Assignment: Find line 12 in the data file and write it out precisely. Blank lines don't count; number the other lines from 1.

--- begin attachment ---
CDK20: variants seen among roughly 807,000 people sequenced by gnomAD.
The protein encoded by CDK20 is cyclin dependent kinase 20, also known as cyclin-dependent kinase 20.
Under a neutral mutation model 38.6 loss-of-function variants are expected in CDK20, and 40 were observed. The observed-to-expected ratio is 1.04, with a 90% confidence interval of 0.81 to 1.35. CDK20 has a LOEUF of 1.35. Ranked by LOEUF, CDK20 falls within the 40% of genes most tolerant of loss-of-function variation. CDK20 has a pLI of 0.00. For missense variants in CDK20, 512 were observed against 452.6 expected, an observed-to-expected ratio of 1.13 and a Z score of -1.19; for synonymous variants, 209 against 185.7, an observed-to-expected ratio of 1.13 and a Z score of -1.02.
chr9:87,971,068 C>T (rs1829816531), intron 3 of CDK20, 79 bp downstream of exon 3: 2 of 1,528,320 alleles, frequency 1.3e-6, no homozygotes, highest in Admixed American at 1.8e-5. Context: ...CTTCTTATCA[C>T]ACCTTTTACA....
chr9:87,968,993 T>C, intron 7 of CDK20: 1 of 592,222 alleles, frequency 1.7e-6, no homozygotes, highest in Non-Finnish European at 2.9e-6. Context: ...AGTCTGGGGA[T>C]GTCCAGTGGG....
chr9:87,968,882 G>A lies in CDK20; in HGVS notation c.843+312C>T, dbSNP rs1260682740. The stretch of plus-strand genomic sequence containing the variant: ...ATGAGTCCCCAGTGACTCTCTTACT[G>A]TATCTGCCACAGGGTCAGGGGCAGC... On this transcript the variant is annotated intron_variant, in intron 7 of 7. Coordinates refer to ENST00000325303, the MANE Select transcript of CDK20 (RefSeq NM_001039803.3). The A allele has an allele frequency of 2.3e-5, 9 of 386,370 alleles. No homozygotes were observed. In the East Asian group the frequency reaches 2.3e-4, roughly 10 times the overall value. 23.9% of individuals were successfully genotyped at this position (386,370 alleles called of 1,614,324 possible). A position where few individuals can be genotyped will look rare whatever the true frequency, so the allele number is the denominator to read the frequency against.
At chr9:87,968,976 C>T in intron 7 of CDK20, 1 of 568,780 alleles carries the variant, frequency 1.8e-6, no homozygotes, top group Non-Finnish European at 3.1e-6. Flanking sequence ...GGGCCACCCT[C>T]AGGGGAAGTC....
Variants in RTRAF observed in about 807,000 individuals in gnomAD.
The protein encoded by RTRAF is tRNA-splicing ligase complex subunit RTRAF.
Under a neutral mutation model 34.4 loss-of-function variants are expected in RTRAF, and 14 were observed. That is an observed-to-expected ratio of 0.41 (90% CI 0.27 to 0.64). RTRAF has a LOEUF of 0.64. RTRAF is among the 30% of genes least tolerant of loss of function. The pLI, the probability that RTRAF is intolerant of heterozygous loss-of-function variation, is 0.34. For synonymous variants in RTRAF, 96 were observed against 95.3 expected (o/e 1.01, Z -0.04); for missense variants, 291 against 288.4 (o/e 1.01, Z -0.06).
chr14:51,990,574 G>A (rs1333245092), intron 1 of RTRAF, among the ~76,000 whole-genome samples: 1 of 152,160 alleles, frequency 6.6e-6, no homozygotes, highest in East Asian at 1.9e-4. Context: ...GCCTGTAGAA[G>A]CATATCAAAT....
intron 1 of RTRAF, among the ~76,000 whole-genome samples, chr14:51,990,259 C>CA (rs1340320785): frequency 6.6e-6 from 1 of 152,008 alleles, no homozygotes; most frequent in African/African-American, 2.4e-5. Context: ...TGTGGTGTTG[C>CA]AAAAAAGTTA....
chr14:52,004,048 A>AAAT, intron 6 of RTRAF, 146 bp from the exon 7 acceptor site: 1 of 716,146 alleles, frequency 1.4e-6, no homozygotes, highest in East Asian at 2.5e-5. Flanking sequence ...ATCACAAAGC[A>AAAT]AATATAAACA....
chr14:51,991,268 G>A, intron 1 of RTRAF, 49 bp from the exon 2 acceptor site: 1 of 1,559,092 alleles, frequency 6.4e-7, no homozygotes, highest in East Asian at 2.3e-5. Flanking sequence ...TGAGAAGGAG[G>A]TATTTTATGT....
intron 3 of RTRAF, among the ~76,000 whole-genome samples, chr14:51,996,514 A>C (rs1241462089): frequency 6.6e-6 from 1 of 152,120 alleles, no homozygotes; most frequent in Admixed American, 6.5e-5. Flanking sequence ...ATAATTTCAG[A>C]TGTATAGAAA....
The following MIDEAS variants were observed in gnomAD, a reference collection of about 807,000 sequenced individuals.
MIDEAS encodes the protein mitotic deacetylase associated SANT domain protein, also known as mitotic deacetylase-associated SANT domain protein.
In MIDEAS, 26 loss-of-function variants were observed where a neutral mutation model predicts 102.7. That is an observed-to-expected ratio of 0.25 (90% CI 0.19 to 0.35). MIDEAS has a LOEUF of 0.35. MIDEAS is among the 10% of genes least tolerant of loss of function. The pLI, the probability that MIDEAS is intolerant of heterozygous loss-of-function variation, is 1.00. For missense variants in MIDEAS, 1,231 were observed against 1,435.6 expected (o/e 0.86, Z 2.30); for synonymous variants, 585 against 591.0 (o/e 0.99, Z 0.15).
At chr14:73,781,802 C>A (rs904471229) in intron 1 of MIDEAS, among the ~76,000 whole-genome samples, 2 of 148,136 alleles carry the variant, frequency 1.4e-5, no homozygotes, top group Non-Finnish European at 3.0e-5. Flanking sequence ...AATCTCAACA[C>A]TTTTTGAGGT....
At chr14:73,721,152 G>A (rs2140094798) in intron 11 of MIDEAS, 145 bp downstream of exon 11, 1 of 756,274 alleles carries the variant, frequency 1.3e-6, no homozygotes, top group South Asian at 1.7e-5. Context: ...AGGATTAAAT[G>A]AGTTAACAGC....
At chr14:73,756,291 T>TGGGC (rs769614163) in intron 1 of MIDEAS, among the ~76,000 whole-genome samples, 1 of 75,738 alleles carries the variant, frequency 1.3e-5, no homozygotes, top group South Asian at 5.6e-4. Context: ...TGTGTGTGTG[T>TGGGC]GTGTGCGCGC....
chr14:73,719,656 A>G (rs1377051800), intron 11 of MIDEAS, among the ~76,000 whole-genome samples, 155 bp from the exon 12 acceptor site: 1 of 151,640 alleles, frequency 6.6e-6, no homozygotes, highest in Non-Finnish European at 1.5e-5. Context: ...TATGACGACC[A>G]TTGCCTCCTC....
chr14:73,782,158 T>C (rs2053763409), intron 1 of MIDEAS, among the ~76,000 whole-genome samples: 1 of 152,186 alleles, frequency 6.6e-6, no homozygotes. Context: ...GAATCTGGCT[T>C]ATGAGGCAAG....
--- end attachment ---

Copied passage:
intron 1 of RTRAF, among the ~76,000 whole-genome samples, chr14:51,990,259 C>CA (rs1340320785): frequency 6.6e-6 from 1 of 152,008 alleles, no homozygotes; most frequent in African/African-American, 2.4e-5. Context: ...TGTGGTGTTG[C>CA]AAAAAAGTTA....